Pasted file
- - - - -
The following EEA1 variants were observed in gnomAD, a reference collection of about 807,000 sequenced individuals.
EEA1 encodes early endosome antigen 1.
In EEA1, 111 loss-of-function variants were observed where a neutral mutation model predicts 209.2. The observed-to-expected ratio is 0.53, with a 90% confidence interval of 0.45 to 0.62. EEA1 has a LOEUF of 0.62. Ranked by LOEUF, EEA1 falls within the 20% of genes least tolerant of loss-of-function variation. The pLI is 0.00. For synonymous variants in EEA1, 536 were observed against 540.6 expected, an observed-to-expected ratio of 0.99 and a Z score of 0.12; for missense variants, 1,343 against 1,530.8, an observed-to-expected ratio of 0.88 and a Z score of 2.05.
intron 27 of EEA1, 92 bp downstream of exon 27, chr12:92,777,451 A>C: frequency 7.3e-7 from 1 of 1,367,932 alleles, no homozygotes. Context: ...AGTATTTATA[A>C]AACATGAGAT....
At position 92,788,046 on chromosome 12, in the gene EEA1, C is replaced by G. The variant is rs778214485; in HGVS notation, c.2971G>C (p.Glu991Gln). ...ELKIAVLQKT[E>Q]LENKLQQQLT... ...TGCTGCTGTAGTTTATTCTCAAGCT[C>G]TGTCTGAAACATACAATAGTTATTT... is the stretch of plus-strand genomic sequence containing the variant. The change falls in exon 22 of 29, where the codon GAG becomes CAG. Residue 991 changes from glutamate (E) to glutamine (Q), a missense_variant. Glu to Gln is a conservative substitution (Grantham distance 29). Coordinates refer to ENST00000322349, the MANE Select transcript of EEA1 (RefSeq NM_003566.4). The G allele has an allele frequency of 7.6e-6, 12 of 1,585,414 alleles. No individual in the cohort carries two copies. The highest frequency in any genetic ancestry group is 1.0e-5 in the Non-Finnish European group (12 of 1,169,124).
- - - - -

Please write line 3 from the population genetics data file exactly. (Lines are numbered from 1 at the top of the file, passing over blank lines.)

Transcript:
In EEA1, 111 loss-of-function variants were observed where a neutral mutation model predicts 209.2. The observed-to-expected ratio is 0.53, with a 90% confidence interval of 0.45 to 0.62. EEA1 has a LOEUF of 0.62. Ranked by LOEUF, EEA1 falls within the 20% of genes least tolerant of loss-of-function variation. The pLI is 0.00. For synonymous variants in EEA1, 536 were observed against 540.6 expected, an observed-to-expected ratio of 0.99 and a Z score of 0.12; for missense variants, 1,343 against 1,530.8, an observed-to-expected ratio of 0.88 and a Z score of 2.05.